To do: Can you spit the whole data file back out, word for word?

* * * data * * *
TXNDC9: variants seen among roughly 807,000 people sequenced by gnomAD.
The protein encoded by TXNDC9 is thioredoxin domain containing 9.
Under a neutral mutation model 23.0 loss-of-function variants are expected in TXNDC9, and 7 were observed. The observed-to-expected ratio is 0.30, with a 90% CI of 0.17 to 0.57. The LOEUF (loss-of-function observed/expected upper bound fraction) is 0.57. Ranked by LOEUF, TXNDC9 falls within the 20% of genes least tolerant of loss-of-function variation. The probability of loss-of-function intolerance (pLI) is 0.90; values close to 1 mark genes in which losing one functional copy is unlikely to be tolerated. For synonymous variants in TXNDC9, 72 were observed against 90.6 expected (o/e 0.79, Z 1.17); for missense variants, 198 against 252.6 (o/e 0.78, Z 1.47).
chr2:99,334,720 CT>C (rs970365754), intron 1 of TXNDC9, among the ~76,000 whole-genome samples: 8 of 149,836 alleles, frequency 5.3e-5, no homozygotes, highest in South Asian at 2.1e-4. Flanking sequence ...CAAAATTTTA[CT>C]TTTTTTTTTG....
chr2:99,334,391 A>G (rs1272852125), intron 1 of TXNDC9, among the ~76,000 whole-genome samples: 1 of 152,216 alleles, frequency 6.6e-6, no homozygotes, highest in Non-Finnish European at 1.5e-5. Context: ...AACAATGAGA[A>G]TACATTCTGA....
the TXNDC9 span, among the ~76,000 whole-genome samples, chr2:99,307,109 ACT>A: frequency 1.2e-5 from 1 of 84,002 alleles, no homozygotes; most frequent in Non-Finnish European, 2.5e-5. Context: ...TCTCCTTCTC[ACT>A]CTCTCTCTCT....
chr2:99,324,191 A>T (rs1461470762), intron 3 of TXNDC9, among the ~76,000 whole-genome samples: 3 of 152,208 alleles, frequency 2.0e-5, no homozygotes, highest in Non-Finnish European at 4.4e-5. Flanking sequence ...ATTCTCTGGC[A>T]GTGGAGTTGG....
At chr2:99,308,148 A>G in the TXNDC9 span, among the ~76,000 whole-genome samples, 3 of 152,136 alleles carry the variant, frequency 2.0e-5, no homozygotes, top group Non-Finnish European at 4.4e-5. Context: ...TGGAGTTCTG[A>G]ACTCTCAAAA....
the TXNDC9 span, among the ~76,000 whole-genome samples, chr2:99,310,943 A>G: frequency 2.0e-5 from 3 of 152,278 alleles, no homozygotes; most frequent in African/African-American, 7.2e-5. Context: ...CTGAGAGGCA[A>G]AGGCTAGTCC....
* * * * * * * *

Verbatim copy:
TXNDC9: variants seen among roughly 807,000 people sequenced by gnomAD.
The protein encoded by TXNDC9 is thioredoxin domain containing 9.
Under a neutral mutation model 23.0 loss-of-function variants are expected in TXNDC9, and 7 were observed. The observed-to-expected ratio is 0.30, with a 90% CI of 0.17 to 0.57. The LOEUF (loss-of-function observed/expected upper bound fraction) is 0.57. Ranked by LOEUF, TXNDC9 falls within the 20% of genes least tolerant of loss-of-function variation. The probability of loss-of-function intolerance (pLI) is 0.90; values close to 1 mark genes in which losing one functional copy is unlikely to be tolerated. For synonymous variants in TXNDC9, 72 were observed against 90.6 expected (o/e 0.79, Z 1.17); for missense variants, 198 against 252.6 (o/e 0.78, Z 1.47).
chr2:99,334,720 CT>C (rs970365754), intron 1 of TXNDC9, among the ~76,000 whole-genome samples: 8 of 149,836 alleles, frequency 5.3e-5, no homozygotes, highest in South Asian at 2.1e-4. Flanking sequence ...CAAAATTTTA[CT>C]TTTTTTTTTG....
chr2:99,334,391 A>G (rs1272852125), intron 1 of TXNDC9, among the ~76,000 whole-genome samples: 1 of 152,216 alleles, frequency 6.6e-6, no homozygotes, highest in Non-Finnish European at 1.5e-5. Context: ...AACAATGAGA[A>G]TACATTCTGA....
the TXNDC9 span, among the ~76,000 whole-genome samples, chr2:99,307,109 ACT>A: frequency 1.2e-5 from 1 of 84,002 alleles, no homozygotes; most frequent in Non-Finnish European, 2.5e-5. Context: ...TCTCCTTCTC[ACT>A]CTCTCTCTCT....
chr2:99,324,191 A>T (rs1461470762), intron 3 of TXNDC9, among the ~76,000 whole-genome samples: 3 of 152,208 alleles, frequency 2.0e-5, no homozygotes, highest in Non-Finnish European at 4.4e-5. Flanking sequence ...ATTCTCTGGC[A>T]GTGGAGTTGG....
At chr2:99,308,148 A>G in the TXNDC9 span, among the ~76,000 whole-genome samples, 3 of 152,136 alleles carry the variant, frequency 2.0e-5, no homozygotes, top group Non-Finnish European at 4.4e-5. Context: ...TGGAGTTCTG[A>G]ACTCTCAAAA....
the TXNDC9 span, among the ~76,000 whole-genome samples, chr2:99,310,943 A>G: frequency 2.0e-5 from 3 of 152,278 alleles, no homozygotes; most frequent in African/African-American, 7.2e-5. Context: ...CTGAGAGGCA[A>G]AGGCTAGTCC....